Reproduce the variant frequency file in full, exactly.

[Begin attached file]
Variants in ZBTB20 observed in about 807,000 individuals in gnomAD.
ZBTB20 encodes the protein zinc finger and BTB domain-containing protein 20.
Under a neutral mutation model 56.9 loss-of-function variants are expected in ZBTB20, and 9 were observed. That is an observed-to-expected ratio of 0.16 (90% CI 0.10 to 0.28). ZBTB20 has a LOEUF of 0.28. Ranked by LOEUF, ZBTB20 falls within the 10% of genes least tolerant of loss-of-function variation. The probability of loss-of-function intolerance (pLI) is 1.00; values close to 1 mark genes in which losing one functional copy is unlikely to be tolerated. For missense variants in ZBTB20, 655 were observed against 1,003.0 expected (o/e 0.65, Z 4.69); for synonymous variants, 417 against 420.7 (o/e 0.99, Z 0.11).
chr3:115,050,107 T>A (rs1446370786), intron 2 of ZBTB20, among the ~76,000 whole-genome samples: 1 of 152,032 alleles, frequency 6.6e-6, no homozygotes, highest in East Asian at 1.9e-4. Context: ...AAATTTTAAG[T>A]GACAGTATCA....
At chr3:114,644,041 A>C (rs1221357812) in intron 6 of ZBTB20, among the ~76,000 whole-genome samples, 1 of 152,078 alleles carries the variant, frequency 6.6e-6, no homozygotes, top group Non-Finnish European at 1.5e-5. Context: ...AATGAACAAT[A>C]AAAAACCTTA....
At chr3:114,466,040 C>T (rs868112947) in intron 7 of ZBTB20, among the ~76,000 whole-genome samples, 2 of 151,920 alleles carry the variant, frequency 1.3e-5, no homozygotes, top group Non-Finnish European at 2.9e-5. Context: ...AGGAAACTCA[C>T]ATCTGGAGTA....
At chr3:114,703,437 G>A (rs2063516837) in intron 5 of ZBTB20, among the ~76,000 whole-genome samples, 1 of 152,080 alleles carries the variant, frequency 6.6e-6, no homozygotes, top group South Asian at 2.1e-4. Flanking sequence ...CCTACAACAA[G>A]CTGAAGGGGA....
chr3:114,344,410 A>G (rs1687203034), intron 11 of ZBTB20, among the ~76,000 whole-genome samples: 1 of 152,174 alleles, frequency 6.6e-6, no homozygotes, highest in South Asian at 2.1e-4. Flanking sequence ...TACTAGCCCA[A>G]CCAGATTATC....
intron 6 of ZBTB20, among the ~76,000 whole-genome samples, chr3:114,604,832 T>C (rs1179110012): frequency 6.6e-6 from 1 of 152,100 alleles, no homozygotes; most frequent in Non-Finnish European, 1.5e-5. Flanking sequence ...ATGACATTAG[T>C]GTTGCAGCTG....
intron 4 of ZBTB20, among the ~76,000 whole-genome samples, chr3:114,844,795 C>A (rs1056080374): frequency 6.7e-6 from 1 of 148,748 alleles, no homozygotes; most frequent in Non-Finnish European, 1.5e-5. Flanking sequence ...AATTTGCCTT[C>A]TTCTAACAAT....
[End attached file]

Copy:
Variants in ZBTB20 observed in about 807,000 individuals in gnomAD.
ZBTB20 encodes the protein zinc finger and BTB domain-containing protein 20.
Under a neutral mutation model 56.9 loss-of-function variants are expected in ZBTB20, and 9 were observed. That is an observed-to-expected ratio of 0.16 (90% CI 0.10 to 0.28). ZBTB20 has a LOEUF of 0.28. Ranked by LOEUF, ZBTB20 falls within the 10% of genes least tolerant of loss-of-function variation. The probability of loss-of-function intolerance (pLI) is 1.00; values close to 1 mark genes in which losing one functional copy is unlikely to be tolerated. For missense variants in ZBTB20, 655 were observed against 1,003.0 expected (o/e 0.65, Z 4.69); for synonymous variants, 417 against 420.7 (o/e 0.99, Z 0.11).
chr3:115,050,107 T>A (rs1446370786), intron 2 of ZBTB20, among the ~76,000 whole-genome samples: 1 of 152,032 alleles, frequency 6.6e-6, no homozygotes, highest in East Asian at 1.9e-4. Context: ...AAATTTTAAG[T>A]GACAGTATCA....
At chr3:114,644,041 A>C (rs1221357812) in intron 6 of ZBTB20, among the ~76,000 whole-genome samples, 1 of 152,078 alleles carries the variant, frequency 6.6e-6, no homozygotes, top group Non-Finnish European at 1.5e-5. Context: ...AATGAACAAT[A>C]AAAAACCTTA....
At chr3:114,466,040 C>T (rs868112947) in intron 7 of ZBTB20, among the ~76,000 whole-genome samples, 2 of 151,920 alleles carry the variant, frequency 1.3e-5, no homozygotes, top group Non-Finnish European at 2.9e-5. Context: ...AGGAAACTCA[C>T]ATCTGGAGTA....
At chr3:114,703,437 G>A (rs2063516837) in intron 5 of ZBTB20, among the ~76,000 whole-genome samples, 1 of 152,080 alleles carries the variant, frequency 6.6e-6, no homozygotes, top group South Asian at 2.1e-4. Flanking sequence ...CCTACAACAA[G>A]CTGAAGGGGA....
chr3:114,344,410 A>G (rs1687203034), intron 11 of ZBTB20, among the ~76,000 whole-genome samples: 1 of 152,174 alleles, frequency 6.6e-6, no homozygotes, highest in South Asian at 2.1e-4. Flanking sequence ...TACTAGCCCA[A>G]CCAGATTATC....
intron 6 of ZBTB20, among the ~76,000 whole-genome samples, chr3:114,604,832 T>C (rs1179110012): frequency 6.6e-6 from 1 of 152,100 alleles, no homozygotes; most frequent in Non-Finnish European, 1.5e-5. Flanking sequence ...ATGACATTAG[T>C]GTTGCAGCTG....
intron 4 of ZBTB20, among the ~76,000 whole-genome samples, chr3:114,844,795 C>A (rs1056080374): frequency 6.7e-6 from 1 of 148,748 alleles, no homozygotes; most frequent in Non-Finnish European, 1.5e-5. Flanking sequence ...AATTTGCCTT[C>A]TTCTAACAAT....